Cadet Kyle A. Cressy is charged with aggravated assault. The Cressy incidents date to May 2011. The charges state that he penetrated a female cadet’s vagina with his hand or finger, as well as his penis, while she was “substantially incapacitated.”

Evenson and Claxton face other, non-sex-related counts.

It is not clear how many cases the Air Force Academy could have prosecuted; but, at least, they did not simply try to paint the crime with a black face.

The sexual assault charges against the Air Force Cadets are serious but they are not worthy of a Court-martial. Only Cadet Robert M. Evenson, Junior deserves stronger discipline. He abused his position as an Honor Code enforcer to obtain sexual favors. He should receive a Special Court-martial, not a General Court-martial. He should be held to a higher standard of conduct because he was in a position of trust. He abused that trust by taking advantage of a younger and less mature female cadet. Article 15, Non-judicial punishment, would be the appropriate forum to dispose of all the other charges. These few incidents of bad behavior should not become the most significant factors in determining their futures. Courts-martial should be reserved for terrorists and mass murderers. To bring out the big guns for such minor offenses would be a bad lesson in judgement to teach all the other cadets in the Academy.

Rep. Jackie Speier, a California Democrat, said in an interview the day of Panetta’s announcement that the military culture has “run amok” and the rules for handling sexual abuse need an overhaul. She has introduced a bill that would create a separate system within the military to investigate and prosecute sex crimes.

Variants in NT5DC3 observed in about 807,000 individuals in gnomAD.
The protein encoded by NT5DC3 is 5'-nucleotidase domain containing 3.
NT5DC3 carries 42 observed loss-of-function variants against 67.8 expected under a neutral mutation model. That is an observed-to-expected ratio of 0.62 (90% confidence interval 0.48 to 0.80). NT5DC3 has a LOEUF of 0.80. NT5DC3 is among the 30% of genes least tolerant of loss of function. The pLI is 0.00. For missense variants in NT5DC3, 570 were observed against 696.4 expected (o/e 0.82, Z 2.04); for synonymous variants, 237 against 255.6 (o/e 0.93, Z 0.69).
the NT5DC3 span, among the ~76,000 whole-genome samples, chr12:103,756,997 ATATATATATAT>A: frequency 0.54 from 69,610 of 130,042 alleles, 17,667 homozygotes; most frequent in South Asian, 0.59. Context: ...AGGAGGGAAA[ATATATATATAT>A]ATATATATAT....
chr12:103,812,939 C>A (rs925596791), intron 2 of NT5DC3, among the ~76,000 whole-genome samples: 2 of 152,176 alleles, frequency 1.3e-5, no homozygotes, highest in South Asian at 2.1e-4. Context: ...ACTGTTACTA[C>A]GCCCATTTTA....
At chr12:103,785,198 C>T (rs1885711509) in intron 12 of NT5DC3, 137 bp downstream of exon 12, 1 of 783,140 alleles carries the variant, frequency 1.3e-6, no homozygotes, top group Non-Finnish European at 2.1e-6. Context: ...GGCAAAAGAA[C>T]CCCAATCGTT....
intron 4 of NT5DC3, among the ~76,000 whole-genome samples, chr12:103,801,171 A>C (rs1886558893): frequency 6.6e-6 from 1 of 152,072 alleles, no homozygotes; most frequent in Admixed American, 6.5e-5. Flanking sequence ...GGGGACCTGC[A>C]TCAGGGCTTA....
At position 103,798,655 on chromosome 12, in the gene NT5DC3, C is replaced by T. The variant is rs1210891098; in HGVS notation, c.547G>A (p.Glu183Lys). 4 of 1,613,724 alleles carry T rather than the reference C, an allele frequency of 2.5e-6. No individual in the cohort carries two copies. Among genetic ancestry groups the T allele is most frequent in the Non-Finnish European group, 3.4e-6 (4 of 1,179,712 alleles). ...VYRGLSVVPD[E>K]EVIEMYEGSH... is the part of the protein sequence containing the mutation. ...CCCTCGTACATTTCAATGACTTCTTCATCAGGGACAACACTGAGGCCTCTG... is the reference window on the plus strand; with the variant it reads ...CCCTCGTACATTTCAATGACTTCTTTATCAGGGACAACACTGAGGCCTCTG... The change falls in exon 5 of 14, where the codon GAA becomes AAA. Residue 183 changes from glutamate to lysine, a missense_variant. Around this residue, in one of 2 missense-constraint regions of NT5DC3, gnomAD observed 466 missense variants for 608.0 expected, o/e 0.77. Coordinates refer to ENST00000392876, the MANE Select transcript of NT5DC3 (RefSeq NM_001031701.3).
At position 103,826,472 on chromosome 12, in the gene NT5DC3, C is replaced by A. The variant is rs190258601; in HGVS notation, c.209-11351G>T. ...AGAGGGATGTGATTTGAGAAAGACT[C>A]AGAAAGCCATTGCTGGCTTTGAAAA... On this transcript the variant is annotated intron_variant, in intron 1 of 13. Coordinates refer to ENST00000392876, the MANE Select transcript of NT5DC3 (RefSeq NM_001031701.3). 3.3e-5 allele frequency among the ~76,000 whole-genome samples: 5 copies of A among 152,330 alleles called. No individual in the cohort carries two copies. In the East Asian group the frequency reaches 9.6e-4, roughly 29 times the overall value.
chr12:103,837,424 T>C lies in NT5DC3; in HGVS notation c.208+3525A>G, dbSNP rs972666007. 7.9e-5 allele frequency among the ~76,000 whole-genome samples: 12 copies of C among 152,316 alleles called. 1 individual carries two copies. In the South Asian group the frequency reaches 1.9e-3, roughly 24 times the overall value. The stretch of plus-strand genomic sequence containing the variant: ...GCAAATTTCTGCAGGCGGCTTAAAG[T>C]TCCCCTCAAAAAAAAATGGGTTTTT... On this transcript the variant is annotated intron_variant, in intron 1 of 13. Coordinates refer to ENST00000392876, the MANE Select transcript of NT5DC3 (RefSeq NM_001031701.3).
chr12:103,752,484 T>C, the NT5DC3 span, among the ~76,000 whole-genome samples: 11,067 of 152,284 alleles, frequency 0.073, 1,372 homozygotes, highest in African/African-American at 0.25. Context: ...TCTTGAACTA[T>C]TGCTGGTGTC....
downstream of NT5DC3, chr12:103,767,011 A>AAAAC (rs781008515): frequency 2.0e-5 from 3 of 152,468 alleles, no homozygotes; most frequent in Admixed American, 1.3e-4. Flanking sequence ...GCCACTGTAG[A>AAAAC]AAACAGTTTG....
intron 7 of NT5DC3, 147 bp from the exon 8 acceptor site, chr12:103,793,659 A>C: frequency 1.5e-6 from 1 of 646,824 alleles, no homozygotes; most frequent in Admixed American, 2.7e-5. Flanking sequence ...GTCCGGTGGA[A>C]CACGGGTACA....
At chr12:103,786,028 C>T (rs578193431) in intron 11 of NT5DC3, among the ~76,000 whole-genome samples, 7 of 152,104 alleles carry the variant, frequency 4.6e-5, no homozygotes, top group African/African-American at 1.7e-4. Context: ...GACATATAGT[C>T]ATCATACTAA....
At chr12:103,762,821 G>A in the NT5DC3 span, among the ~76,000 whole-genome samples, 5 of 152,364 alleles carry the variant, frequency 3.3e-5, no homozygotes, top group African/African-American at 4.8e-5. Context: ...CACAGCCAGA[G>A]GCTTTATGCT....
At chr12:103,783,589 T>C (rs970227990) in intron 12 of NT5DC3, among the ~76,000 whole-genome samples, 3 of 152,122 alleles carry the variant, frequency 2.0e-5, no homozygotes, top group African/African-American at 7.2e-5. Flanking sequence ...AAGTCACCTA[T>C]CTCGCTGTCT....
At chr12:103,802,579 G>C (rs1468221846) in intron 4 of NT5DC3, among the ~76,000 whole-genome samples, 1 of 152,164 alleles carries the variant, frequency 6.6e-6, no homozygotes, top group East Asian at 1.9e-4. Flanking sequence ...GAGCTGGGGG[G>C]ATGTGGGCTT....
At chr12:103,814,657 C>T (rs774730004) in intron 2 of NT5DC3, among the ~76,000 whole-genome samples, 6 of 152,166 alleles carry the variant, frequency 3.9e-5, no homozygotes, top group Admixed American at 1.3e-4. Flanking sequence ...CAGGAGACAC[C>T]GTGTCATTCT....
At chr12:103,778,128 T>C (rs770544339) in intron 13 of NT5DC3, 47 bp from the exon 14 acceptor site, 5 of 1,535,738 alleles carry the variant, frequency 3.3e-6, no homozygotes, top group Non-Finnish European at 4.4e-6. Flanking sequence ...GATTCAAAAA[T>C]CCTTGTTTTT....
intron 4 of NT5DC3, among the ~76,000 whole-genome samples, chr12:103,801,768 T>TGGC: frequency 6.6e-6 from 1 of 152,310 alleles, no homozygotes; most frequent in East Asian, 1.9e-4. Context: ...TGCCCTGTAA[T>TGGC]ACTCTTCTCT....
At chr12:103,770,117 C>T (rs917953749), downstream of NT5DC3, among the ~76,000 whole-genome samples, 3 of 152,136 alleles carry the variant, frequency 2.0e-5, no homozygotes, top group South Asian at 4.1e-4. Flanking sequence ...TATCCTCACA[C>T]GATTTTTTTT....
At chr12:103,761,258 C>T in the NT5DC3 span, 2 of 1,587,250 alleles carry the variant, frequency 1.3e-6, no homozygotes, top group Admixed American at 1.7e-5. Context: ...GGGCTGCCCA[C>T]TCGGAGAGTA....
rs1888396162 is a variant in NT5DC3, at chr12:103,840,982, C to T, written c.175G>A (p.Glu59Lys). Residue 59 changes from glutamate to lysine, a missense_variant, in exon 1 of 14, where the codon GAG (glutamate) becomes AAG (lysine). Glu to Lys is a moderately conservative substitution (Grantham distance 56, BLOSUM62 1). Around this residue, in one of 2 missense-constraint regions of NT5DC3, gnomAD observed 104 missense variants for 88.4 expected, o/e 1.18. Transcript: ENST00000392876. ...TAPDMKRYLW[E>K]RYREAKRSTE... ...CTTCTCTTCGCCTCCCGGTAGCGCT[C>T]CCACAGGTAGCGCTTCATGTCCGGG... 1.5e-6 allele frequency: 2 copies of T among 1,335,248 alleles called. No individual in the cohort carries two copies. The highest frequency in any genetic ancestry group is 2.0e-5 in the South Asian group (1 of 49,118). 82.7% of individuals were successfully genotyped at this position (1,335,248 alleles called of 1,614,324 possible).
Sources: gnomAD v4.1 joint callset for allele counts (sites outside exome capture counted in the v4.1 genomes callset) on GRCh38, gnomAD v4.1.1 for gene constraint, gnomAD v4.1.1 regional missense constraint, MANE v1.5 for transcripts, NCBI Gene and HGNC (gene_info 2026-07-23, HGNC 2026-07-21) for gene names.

Currently, a victim’s commander might be part of the decision-making process. That creates a conflict of interest; the commander could suffer career damage if a subordinate is victimized; the commander could be a friend of the suspect; or the commander could be the suspect, Speier said.

“We’ve got to do something fairly dramatic to get the academies back on track and the military back on track,” she said.

“How do you measure prevention?”, asked Teresa Beasley, the Air Force Academy’s sexual assault coordinator.

Are these cadets simply a reflection of the same social dating forces at play in American society at large? It isn’t clear whether the disturbing news means sexual predation is on the rise at the Military academies. It could simply reflect the better efforts to encourage cadets to report any kind of unwanted sexual contact.

The Air Force Academy’s sex assault prevention campaign starts before freshman studies begin. Among other things, cadets are told the Department of Defense definition of sexual assault includes “intentional sexual contact … when the victim does not or cannot consent.”

The breadth of the definition comes as a surprise to some.

“When they come in at basic, you see the ‘deer-in-the-headlight’ look — ‘Wow, I didn’t realize I’d been assaulted,'” said Teresa Beasley.

Coast Guard Academy Cadet Webster Smith.

The Coast Guard had more than 10 cases of rape or sexual assault prior yo 2005. All of the sexual predators were white. None were prosecuted. Then, along came Webster Smith. He was African American and several women accused him of sexual assault. The Coast Guard Academy spared no effort or expense in prosecuting him in 2006. There was an attempt to make Webster Smith the poster child of sexual assault at the Coast Guard academy. It did not work.